A. The intermediaries are the ultimate line of defense for the [Lubanga] Defense [team] because they have no other argument so they are fishing for arguments. And so their ultimate argument is that ‘maybe the intermediaries are the problem’. They haven’t proven that. They have made allegations about committed people who really care about international justice and child soldiers.
As I said, the Defense have used that as their ultimate line of defense. They don’t like what the child soldiers are saying and so they are telling us that may be those child soldiers were influenced. And I am saying that we have very courageous, very brave child soldiers who have managed to make a life after what they suffered. Not all of them managed – we have a lot of them who are absolutely lost to society, abusing drugs… We have girls that haven’t been able to come and testify because they are prostitutes living on drugs and we couldn’t have them accepted as credible witnesses in this trial. And I think our witnesses were very credible witnesses because they showed exactly the effect of recruitment of child soldiers on those children. So the Defense is talking about intermediaries, I am talking about child soldiers and what they suffered.
Q. About two weeks ago, Judge Fulford asked whether the Prosecution planned to call some intermediaries to testify given that there is so much being said about the role they allegedly played in corrupting evidence. Is this something you are considering?
A. At this stage no, since we try and prove to the judges that intermediaries did not corrupt anything and that those are all inaccurate allegations.
Q. So, we come to the Defense. They have accused you – the Prosecution – a couple of times of not honoring your disclosure obligations. They say you give them too little information, too late, and that this is not fair.
A. That’s very interesting because, in fact, in this ICC there is a very specific role of the Prosecutor which is new to them and to the world of international justice. We investigate both incriminating and exonerating evidence. That’s absolutely new. This is what the Statute says – the prosecutor has to do the whole investigation with incriminating and exonerating circumstances. That’s what we did and the Defense evidence is largely based on the exonerating evidence that we found and that we gave to the Defense. And the Defense’s case is largely based on those elements that we disclosed to them.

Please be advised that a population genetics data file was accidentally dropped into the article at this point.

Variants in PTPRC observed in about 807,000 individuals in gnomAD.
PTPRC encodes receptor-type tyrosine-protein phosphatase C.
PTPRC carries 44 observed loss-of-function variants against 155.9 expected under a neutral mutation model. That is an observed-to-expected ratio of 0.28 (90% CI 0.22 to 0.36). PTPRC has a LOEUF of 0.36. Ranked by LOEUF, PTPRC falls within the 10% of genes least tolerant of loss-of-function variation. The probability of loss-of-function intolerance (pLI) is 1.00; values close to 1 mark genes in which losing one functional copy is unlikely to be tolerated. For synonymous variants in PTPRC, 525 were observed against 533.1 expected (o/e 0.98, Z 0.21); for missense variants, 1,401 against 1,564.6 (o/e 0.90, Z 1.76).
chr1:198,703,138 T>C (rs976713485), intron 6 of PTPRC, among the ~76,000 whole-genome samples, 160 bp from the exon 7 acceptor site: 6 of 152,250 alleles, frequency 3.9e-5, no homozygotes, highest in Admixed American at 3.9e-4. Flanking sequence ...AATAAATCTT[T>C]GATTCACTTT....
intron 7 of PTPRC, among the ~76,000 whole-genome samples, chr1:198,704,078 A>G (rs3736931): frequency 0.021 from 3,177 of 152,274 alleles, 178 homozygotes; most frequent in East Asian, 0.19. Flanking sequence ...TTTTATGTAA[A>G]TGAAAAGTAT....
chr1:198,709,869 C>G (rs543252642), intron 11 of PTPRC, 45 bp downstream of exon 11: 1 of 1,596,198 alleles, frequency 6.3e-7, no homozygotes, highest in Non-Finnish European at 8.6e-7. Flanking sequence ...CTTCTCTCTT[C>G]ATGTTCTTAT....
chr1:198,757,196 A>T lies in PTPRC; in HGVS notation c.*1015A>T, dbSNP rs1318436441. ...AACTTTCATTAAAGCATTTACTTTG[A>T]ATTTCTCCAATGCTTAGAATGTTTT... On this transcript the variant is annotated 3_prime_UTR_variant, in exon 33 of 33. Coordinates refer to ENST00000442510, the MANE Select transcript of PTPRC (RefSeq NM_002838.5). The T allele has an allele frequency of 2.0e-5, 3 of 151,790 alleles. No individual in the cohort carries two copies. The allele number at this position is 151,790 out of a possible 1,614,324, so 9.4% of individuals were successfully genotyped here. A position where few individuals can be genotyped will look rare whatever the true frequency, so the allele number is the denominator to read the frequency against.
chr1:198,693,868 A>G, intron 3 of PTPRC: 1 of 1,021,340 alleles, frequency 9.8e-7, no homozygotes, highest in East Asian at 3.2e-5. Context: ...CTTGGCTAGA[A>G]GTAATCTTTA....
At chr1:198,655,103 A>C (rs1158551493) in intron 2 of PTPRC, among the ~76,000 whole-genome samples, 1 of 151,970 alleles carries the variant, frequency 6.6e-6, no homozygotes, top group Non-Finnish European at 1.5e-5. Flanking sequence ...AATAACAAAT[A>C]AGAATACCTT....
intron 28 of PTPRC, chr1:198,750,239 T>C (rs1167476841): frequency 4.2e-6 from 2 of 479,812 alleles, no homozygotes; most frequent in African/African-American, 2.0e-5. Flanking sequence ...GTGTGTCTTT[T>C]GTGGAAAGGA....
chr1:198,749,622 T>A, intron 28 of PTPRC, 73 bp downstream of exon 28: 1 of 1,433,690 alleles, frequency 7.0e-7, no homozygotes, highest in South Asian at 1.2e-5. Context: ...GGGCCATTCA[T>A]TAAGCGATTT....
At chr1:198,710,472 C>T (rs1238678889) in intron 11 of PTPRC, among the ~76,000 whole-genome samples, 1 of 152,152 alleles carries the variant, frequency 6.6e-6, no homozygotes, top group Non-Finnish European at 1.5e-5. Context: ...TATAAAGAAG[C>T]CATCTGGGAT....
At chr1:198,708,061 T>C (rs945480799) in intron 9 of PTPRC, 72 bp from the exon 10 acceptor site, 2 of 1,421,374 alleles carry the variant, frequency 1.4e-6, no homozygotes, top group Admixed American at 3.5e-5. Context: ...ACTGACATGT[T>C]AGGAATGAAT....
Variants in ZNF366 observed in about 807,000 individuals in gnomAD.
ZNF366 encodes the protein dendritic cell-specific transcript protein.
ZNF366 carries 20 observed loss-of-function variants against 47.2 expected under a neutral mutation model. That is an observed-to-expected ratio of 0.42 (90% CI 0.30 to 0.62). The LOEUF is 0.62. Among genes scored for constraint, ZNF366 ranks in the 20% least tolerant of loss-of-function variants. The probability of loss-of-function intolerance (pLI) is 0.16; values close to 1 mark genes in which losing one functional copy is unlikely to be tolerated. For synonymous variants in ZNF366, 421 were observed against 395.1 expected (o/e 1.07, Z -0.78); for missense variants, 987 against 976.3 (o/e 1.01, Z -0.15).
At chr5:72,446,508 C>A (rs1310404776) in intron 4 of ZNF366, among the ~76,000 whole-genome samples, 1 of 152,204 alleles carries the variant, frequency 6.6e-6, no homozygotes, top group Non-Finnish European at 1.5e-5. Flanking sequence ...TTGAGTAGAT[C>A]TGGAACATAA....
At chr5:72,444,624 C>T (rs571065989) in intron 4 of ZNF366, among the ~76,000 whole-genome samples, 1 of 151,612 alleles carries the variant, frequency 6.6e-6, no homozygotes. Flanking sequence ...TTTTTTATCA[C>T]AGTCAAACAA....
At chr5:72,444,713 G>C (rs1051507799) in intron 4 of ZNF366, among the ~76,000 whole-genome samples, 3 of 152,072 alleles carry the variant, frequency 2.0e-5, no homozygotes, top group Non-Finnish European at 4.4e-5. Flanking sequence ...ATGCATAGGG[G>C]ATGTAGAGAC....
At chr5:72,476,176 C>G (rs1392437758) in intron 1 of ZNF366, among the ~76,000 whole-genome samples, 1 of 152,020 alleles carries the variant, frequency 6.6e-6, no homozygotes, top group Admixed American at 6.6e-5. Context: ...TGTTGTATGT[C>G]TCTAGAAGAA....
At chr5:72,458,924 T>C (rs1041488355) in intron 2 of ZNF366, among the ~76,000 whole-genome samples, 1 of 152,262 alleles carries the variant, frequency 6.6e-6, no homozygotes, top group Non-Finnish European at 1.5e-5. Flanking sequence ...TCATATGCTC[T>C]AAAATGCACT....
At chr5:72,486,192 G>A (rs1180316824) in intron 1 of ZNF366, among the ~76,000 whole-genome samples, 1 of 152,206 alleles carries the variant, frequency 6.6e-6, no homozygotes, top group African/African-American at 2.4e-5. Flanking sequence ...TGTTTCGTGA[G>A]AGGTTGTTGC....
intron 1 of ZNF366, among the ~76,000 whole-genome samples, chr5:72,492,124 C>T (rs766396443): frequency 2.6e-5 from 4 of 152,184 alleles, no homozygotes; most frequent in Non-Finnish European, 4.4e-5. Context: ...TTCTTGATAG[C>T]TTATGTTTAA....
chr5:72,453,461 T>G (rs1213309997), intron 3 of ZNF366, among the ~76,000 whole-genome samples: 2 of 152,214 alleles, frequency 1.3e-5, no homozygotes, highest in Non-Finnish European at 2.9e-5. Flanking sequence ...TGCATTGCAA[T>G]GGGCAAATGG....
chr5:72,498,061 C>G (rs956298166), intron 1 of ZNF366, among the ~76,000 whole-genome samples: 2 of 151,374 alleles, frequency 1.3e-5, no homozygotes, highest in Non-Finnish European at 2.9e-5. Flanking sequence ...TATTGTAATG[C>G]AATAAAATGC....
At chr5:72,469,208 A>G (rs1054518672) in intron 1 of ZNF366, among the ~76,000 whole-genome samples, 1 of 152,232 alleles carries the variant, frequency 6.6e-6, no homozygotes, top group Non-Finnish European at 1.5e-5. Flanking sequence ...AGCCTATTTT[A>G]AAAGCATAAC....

Prosecutor Moreno-Ocampo is an experienced prosecutor. He has disclosed all his exonerating evidence to the Defense and in a very timely manner. Of course the Defense has not done the same but as I said, we are very good prosecutors, we are very good investigators. We will survive the fact that the Defense has not respected its disclosure obligations entirely. We recognize that it is a weakness but we’ll survive that, we still have a strong case.
Q. We now would like to ask something related to that. The Defense have said they will ask judges to look at the possibility of stopping the case on the basis of abuse of process. Do you see them succeeding?
A. No way.
Q. Is it because there was no abuse of process or because that wouldn’t be sufficient grounds to dismiss the case?
A. There was absolutely no abuse of process. Prosecutor Moreno-Ocampo is a very accurate and fair prosecutor. And as I said, whatever case the Defense has, it was built by Prosecutor Moreno-Ocampo based on exonerating evidence. So this is just talk. I understand the Defense entirely, it’s their last chance but nothing is going to happen. Mr. Lubanga is going away for a long time.
Q. How long do you reckon he will be going away for?